Winds were easterly at 10-15 knots south of 30 degrees North, southerly in the central area, and westerly north of 33 degrees North. They were gusty in the southern areas.
Duststorms reduced visibilities in the northern Nafud Desert eastward to southern Kuwait between 1200 and 2000Z. Minimum visibility was about 2,400 meters. Dense smoke was reported in northwestern Kuwait before 0800Z--visibilities were probably below 2,000 meters.
High temperatures were 13-16 degrees Celsius; lows, 2-11 degrees Celsius.
3 February 1991
The frontal system in eastern Syria began to move slowly eastward and break up, resulting in lowered ceilings and gusty winds. The nearly dry front passed Baghdad at 2000Z. A weak front extended from central Iraq to near Riyadh, spreading low clouds to Iraq's eastern section. The subtropical jet stream became more westerly than northwesterly, leaving the northern Persian Gulf cloud-free but spreading scattered to broken middle and high clouds across Saudi Arabia.
Sustained winds to 25 knots were reported in extreme northwestern Saudi Arabia as the front passed. Extensive duststorms reduced visibilities to 1,000 meters near the front in the Syrian and Nafud Deserts. Duststorms were also reported at 1500Z between Riyadh and Kuwait.
Middle and high clouds from the subtropical jet stream had moved out of the area by 1000Z. In the morning, scattered to broken low clouds covered Iraq east of 43 degrees East and all of Kuwait, some locations reported 3,000 foot ceilings. By 1200Z, the clouds had moved eastward to the Iraq-Turkey border. A small area of low clouds with 3,000 foot ceilings formed about 100 miles west of Baghdad at 1600Z.
Winds were westerly at 10-25 knots west of 45 degrees East, but southeasterly at 10-15 knots to the east. There were gusts to 35 knots near the front.
Duststorms reduced visibilities to as low as 500 meters at about 1500Z in southern Kuwait and northeastern Saudi Arabia. Elsewhere, visibilities were above 6 km. High temperatures were 8-20 degrees Celsius; lows 3-16 degrees Celsius.
4 February 1991
High pressure centered in southeastern Egypt strengthened and built into northwestern Saudi Arabia. The low pressure system that had been affecting northern Iraq continued to move eastward. By 0900Z, the trough had moved southeastward to the south of Qatar. The subtropical jet stream continued to spread high and middle clouds over the central Arabia Peninsula.
In the early morning, middle clouds produced 10,000 foot ceilings in a triangular area between 30 degrees North and a southwest-northeast line running from 60 miles south of Baghdad, then eastward to the Iraqi border. These clouds rapidly moved southeastward. By 0600Z, they affected only the coast of Kuwait. The area was almost cloud free by 1000Z.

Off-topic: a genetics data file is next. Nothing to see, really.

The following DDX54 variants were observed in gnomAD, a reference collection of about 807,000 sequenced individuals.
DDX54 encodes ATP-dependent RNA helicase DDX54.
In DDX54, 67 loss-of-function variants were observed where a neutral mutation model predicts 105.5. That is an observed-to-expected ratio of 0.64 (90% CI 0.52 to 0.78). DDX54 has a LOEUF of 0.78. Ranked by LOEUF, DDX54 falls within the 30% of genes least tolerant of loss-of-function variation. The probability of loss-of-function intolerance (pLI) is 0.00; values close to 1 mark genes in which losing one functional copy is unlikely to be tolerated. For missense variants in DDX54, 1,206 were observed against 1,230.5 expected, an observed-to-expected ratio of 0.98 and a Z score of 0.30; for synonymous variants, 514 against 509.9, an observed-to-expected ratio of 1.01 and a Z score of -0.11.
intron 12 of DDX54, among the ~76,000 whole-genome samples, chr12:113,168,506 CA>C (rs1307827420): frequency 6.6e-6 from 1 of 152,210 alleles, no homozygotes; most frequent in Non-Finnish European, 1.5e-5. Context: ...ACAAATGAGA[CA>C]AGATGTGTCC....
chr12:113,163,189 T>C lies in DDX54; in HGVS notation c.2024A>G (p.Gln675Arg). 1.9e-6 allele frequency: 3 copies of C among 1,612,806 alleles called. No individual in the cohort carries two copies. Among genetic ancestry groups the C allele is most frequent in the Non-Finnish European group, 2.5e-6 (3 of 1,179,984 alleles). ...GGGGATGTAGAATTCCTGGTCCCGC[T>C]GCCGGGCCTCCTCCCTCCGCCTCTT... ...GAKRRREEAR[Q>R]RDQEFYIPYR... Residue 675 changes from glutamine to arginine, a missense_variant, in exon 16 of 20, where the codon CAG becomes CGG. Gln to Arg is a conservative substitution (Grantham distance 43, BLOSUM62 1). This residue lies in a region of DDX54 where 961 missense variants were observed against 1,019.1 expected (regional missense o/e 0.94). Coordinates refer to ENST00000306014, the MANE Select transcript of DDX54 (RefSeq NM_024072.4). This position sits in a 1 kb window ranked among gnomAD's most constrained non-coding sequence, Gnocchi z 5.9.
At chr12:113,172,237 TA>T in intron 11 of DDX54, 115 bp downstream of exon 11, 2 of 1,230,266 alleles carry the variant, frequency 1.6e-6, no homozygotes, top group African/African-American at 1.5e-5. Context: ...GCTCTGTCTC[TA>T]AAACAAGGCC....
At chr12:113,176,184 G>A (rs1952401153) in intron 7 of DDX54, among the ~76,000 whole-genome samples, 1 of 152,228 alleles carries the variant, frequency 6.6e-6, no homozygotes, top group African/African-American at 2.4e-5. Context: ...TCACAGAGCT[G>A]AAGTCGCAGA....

Winds were northeasterly at 10-15 knots inland, but northerly at 15-20 knots on the Kuwait coast. Inland, winds became northerly at 5-10 knots aftrer 1800Z.
Visibilities were generally above 10 km, but scattered fires and smoke plumes reduced visibility in Kuwait to below 4 km. One smoke plume, originating in southern Kuwait, measured 35 miles long and 10-15 miles wide.
High temperatures were 3-13 degrees Celsius; lows, 2-8 degrees Celsius.
5 February 1991
High pressure centered in central Iraq kept skies clear or scattered most of the day, but clouds associated with the subtropical jet stream still spread high and middle clouds over the central Arabian Peninsula. These clouds were scattered in the morning, but denser clouds moved in from Egypt by 1000Z.
Morning haze reduced visibilities in central Saudi Arabia; Riyadh reported 4,800 meters at 0500Z, improving to 8 km by 0800Z. Duststorms after 2000Z were the result of 20 knot winds over the Syrian and Nafud Desert; they lowered visibility to 5 km.
Clouds were limited to scattered cirrus until about 1100Z, but the subtropical jet stream moved scattered to broken middle and high clouds into southwestern Iraq later in the day. These clouds had moved over Kuwait by 1600Z, producing 10,000 foot ceilings during the night.
Winds were northeasterly at 10-15 knots along the coast, but light and variable in Iraq. As the front shifted farther north after 0900Z, winds in the south became stronger and more easterly. Visibilities were above 10 km except in Kuwait, where scattered fires and smoke plumes reduced visibility to below 4 km. High temperatures were 9-17 degrees Celsius; lows, 0-6 degrees Celsius.
Visible Smoke Plumes
DMSP visual imagery in Gulf War Weather shows small visible smoke plumes over Kuwait extending to the south and southeast.
6 February 1991
High pressure was centered in northwestern Iraq, with a weak low pressure trough to the southeast between central Saudi Arabia--near Riyadh--and Israel. The subtropical jet stream remained over the northern Arabian Peninsula; associated high clouds became increasingly scattered after 0600Z.
At 0000Z, there were only scattered low, middle, and high clouds throughout the area. By 0300Z, the middle cloud deck had thickened; ceilings as low as 12,000 feet, with tops at about 18,000 feet, had formed over the southwestern half of Iraq. These clouds drifted eastward, and by 1900Z they were east of Baghdad and Kuwait. Middle and high clouds from the subtropical jet stream affected Kuwait and southern Iraq between 0400 and 1100Z; bases were at or above 10,000 feet, with tops to 32,000 feet.
Winds were light and variable in Iraq, but easterly at 5-10 knots in Kuwait. Morning fog, smoke, and dust reduced visibilities in Kuwait and southern Iraq to as low as 3,200 meters in spots. Afternoon visibilities in areas not affected by smoke were above 6 km.
Afternoon high temperatures were between 5 and 13 degrees Celsius. High pressure and almost clear skies drove morning low temperatures down to -2 degrees Celsius in the north and 7 degrees Celsius in the south.